Preventing Osteoporosis Starts with Awareness
What are vertebral compression fractures?
Vertebrae are interconnected bones that make up your spinal column, and vertebral compression fractures are the most common osteoporosis-related injury. Also called spinal compression fractures, these small fractures can permanently change the strength and shape of your spine. Vertebral compression fractures typically occur near the waistline, in the front of the vertebrae. If you have back pain that gets worse when you stand or sit for long periods and improves when you lie down, talk to your doctor. The fractures are typically treated with physical therapy and by slowing the progression of the underlying osteoporosis.
Who is at risk of osteoporosis?
Following are the risk factors for osteoporosis:
- Age: Maximum bone strength is usually reached around age 30, then begins to decline. Osteoporosis risk increases as you age, particularly after you reach 50.
- Gender: Because of their lighter and thinner bones, women are four times more likely than men to develop osteoporosis. Hormonal changes that occur in women beginning in the mid-40s also increase risk. Although osteoporosis is more common in women, men are at risk too.
- Bone structure: Small-framed women and men with low body weight have a greater risk of developing osteoporosis.
- Ethnicity: Caucasian and Asian women are more likely to develop osteoporosis.
- Family history: Since testing for osteoporosis only became available in 1994, your grandparents were probably never diagnosed with the disease. If any of your older relatives suffered hip fractures after minor falls or experienced many broken bones, this may indicate family history.
- Personal history: If you have a history of broken bones or height loss, you may be at increased risk.
Can osteoporosis be prevented?
By building strong bones while in your 20s and 30s, you can reduce your osteoporosis risk. One important step is to get the recommended daily amount of calcium and vitamin D. The National Osteoporosis Foundation (NOF) recommends the following:
Adults under age 50:
- 1,000 mg of calcium per day
- 400-800 international units (IU) of vitamin D every day
Adults 50 and older:
- 1,200 mg of calcium per day
- 800-1,000 IU of vitamin D every day
Food sources of calcium include low-fat milk, plain yogurt, Swiss cheese, cooked broccoli, and fruit juice with calcium. Food sources of vitamin D include vitamin D-fortified milk, egg yolks and fatty fish. You can also boost your vitamin D production by getting fifteen minutes of sun exposure each day. If you cannot get adequate calcium and vitamin D in your diet, use supplements to make up the difference.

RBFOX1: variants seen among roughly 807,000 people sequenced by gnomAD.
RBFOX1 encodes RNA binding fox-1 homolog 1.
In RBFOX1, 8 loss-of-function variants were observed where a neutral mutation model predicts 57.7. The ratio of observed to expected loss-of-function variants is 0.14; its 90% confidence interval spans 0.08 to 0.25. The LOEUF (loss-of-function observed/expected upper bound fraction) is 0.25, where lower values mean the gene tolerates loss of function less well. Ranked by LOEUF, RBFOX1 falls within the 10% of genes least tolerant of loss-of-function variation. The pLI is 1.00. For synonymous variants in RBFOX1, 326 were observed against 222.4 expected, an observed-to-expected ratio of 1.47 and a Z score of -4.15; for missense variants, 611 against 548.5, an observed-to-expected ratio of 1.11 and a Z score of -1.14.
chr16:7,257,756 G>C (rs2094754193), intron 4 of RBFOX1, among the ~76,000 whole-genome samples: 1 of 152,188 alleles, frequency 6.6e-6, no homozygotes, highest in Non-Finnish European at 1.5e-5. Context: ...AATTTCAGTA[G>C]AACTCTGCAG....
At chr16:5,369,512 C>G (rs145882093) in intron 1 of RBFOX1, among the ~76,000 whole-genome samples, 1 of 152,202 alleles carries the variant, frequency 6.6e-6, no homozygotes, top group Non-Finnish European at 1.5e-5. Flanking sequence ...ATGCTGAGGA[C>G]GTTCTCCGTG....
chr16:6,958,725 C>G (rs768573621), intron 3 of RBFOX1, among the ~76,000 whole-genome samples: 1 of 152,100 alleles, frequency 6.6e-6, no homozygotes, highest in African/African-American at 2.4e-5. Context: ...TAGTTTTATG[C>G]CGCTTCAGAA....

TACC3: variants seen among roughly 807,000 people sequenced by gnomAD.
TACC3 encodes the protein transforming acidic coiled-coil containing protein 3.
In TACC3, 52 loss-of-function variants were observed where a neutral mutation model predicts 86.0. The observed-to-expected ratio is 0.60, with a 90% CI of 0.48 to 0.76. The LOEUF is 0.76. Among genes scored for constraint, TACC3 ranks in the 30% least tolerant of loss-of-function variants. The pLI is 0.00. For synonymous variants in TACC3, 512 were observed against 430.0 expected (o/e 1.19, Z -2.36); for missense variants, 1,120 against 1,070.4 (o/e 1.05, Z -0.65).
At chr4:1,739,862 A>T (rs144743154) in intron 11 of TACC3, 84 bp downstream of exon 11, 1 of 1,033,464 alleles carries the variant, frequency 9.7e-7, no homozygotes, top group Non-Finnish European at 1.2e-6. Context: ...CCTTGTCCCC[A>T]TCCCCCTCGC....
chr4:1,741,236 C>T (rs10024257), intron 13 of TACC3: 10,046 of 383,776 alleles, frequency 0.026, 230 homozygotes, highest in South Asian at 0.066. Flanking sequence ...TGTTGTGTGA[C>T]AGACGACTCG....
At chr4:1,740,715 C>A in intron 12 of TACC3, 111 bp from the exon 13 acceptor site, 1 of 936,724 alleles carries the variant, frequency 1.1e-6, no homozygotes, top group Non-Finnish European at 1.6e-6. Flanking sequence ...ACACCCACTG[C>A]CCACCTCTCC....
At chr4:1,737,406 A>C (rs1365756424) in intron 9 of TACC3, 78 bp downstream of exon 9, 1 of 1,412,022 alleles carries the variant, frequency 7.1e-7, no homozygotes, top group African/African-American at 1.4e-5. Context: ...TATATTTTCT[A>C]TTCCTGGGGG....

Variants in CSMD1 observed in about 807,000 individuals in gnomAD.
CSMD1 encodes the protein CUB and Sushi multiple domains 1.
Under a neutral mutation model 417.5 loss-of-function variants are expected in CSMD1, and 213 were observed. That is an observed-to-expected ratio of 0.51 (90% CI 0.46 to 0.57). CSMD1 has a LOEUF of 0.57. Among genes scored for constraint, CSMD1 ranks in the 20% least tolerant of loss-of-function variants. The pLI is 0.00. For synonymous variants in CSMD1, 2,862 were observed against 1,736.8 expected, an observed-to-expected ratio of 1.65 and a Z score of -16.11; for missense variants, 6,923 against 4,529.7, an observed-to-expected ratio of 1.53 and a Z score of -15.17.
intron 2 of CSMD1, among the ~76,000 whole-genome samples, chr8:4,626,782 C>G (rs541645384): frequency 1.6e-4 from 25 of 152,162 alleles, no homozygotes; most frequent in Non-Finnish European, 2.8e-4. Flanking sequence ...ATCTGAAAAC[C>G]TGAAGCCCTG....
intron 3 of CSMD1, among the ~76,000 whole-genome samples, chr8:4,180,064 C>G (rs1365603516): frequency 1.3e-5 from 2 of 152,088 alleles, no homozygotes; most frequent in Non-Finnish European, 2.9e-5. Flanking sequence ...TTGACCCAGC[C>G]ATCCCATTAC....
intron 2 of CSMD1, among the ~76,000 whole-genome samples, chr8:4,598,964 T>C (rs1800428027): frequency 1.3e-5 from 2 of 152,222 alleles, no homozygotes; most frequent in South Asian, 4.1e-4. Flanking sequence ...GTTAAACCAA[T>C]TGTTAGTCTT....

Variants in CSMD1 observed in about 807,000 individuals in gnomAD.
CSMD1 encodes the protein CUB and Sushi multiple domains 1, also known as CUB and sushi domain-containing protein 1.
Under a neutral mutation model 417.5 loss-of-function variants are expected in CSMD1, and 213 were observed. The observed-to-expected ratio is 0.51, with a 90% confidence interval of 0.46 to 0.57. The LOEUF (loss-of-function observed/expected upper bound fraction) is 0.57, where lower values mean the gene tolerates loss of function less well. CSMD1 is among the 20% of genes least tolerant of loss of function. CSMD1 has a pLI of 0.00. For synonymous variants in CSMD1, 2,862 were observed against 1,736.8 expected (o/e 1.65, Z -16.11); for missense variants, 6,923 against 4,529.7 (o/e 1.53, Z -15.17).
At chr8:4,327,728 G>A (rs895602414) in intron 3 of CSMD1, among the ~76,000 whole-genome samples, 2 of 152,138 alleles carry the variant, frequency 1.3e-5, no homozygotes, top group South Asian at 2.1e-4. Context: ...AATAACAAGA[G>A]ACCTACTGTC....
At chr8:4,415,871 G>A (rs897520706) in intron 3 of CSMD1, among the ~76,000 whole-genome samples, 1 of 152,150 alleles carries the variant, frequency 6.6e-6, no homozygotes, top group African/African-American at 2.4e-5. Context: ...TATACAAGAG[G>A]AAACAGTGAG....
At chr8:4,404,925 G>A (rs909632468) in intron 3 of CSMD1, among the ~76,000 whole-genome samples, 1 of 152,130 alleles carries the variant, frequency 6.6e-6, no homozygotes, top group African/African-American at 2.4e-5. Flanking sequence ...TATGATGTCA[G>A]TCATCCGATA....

Regular exercise is another way to build strong bones, and the following exercises are beneficial:
- High-impact aerobics, hiking, jogging, and stair climbing
- Low-impact aerobics, elliptical training machines, and fast walking
- Weightlifting or using elastic exercise bands and weight machines to build strong muscles to support your bones
Other ways to reduce your osteoporosis risk include:
- Limiting your intake of protein, sodium, caffeine, and alcohol
- Not smoking
- Maintaining a healthy weight
How is Osteoporosis Diagnosed?
If you have risk factors for osteoporosis, your doctor may recommend a bone density scan (DXA or DEXA) after you reach age 50. The test measures the quantity of bone at the mid-spine and hip. Your bone scan results will show if you have healthy bones, osteopenia, or osteoporosis. Osteopenia means that your bone density is low, but not low enough to be considered osteoporosis. If your test shows bone loss, you can reverse it by engaging in the healthy activities described above. Your doctor may also recommend a prescription medication such as Fosamax, Boniva, or Zometa. Over time, these drugs can increase bone density and reduce your risk of fractures.
National Osteoporosis Foundation. Calcium and Vitamin D: What You Need to Know. http://nof.org/articles/10#CALCIUM and http://nof.org/articles/10#howmuchvitamind. Accessed May 5, 2014.
National Osteoporosis Foundation. Exercise for Strong Bones. http://nof.org/articles/238. Accessed May 5, 2014.